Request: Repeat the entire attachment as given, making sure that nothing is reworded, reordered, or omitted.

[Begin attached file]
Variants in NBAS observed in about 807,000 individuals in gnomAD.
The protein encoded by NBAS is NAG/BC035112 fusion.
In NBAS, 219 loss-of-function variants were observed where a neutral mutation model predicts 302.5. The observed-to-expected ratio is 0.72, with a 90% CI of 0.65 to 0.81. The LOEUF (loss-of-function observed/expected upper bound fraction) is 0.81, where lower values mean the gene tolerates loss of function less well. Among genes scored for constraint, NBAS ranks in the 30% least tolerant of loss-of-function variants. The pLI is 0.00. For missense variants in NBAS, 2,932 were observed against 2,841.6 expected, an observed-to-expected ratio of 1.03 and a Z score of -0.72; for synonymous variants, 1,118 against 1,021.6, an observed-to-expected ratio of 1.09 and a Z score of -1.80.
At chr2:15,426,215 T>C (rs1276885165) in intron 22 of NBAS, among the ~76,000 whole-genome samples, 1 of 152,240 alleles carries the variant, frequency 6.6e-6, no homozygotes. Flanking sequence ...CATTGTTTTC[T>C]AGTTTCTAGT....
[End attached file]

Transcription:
Variants in NBAS observed in about 807,000 individuals in gnomAD.
The protein encoded by NBAS is NAG/BC035112 fusion.
In NBAS, 219 loss-of-function variants were observed where a neutral mutation model predicts 302.5. The observed-to-expected ratio is 0.72, with a 90% CI of 0.65 to 0.81. The LOEUF (loss-of-function observed/expected upper bound fraction) is 0.81, where lower values mean the gene tolerates loss of function less well. Among genes scored for constraint, NBAS ranks in the 30% least tolerant of loss-of-function variants. The pLI is 0.00. For missense variants in NBAS, 2,932 were observed against 2,841.6 expected, an observed-to-expected ratio of 1.03 and a Z score of -0.72; for synonymous variants, 1,118 against 1,021.6, an observed-to-expected ratio of 1.09 and a Z score of -1.80.
At chr2:15,426,215 T>C (rs1276885165) in intron 22 of NBAS, among the ~76,000 whole-genome samples, 1 of 152,240 alleles carries the variant, frequency 6.6e-6, no homozygotes. Flanking sequence ...CATTGTTTTC[T>C]AGTTTCTAGT....